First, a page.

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An artificial intelligence algorithm is able to identify a patient’s risk from a cholesterol-raising genetic condition that has a 20-fold increased risk of coronary artery disease if untreated.

Individuals with the potentially fatal heart disease—called familial hypercholesterolemia (FH)—carry a mutation that interferes with their bodies’ ability to clear low-density lipoprotein (LDL), the “bad” cholesterol that can lead to a harmful buildup in their arteries.

However, the challenge is that fewer than 10 percent of people with FH in the United States have been diagnosed with the condition, and without treatment, about 50 percent of men with FH have a heart attack by age 50, and approximately 30 percent of women have a cardiac event by age 60.

To address the problem, Stanford Medicine and the nonprofit Familial Hypercholesterolemia Foundation have joined forces to leverage machine learning and big data.

Specifically, researchers at the Stanford University School of Medicine—and their collaborators—have developed an AI algorithm trained to identify potential FH patients using electronic health record data.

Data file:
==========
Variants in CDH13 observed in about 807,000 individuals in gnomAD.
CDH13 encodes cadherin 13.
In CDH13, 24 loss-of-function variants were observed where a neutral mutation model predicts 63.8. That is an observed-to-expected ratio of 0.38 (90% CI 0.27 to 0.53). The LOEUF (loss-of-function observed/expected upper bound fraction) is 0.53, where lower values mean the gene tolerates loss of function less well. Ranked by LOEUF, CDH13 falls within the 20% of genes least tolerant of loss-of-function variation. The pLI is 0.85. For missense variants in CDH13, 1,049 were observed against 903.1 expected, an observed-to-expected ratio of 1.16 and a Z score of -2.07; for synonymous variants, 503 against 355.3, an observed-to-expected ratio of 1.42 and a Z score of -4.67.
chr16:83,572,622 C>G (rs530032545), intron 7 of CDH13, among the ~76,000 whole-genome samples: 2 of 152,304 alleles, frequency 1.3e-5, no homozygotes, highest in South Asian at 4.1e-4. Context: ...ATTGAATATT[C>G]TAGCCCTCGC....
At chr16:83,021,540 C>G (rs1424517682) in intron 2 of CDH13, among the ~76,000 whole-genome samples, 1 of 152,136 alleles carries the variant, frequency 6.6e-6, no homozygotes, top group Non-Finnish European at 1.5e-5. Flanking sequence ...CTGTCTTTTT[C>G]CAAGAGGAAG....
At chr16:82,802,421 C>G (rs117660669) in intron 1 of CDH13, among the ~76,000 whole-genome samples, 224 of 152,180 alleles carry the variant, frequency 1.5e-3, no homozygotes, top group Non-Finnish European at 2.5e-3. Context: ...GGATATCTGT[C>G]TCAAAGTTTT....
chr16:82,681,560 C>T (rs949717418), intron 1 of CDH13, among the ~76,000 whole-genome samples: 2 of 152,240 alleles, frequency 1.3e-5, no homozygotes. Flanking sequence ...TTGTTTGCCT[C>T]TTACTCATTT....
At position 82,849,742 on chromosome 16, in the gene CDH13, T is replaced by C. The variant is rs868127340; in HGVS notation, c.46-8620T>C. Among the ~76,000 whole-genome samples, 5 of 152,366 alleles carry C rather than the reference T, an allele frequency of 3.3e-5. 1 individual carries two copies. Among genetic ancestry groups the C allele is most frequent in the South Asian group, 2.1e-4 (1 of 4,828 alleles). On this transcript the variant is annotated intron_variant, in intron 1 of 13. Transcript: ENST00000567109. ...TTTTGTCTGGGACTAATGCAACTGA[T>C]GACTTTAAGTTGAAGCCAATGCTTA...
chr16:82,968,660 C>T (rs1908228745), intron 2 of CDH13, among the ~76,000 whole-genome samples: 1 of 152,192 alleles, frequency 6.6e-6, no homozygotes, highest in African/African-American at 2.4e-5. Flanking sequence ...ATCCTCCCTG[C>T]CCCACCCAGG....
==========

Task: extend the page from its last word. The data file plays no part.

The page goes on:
“As part of the FH Foundation′s FIND (Flag, Identify, Network, Deliver) FH initiative, here we report the development and internal validation of a supervised machine-learning algorithm to identify probable FH cases based on EHR data from Stanford Health Care as well as the external validation on this classifier using EHR data from the Geisinger Healthcare System,” state the authors of a paper published online last week in npj Digital Medicine.

Stanford University School of Medicine

According to the study’s authors, the AI algorithm correctly identified 88 percent of the FH cases it screened in an internal test dataset, and it demonstrated 85 percent accuracy with an external Geisinger EHR dataset, which they contend “suggests that application of this classifier could lead to increased efficacy of targeting these high-risk patients for enhanced evaluation and intervention.”

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“Theoretically, when someone comes into the clinic with high cholesterol or heart disease, we would run this algorithm,” said senior author Nigam Shah, associate professor of medicine and of biomedical data science at Stanford. “If they’re flagged, it means there’s an 80 percent chance that they have FH. Those few individuals could then get sequenced to confirm the diagnosis and could start an LDL-lowering treatment right away.”

Going forward, Shah and his colleagues are working in partnership with the FH Foundation to deploy the AI algorithm in clinical settings at Stanford Healthcare and at additional sites.

Nonetheless, at the same time, Shah acknowledges that “not everything can be solved by an algorithm,” adding that “we’re also thinking about how we can work with the FH Foundation to implement networks of family screening to reach more patients who might have the disease and not know it.”


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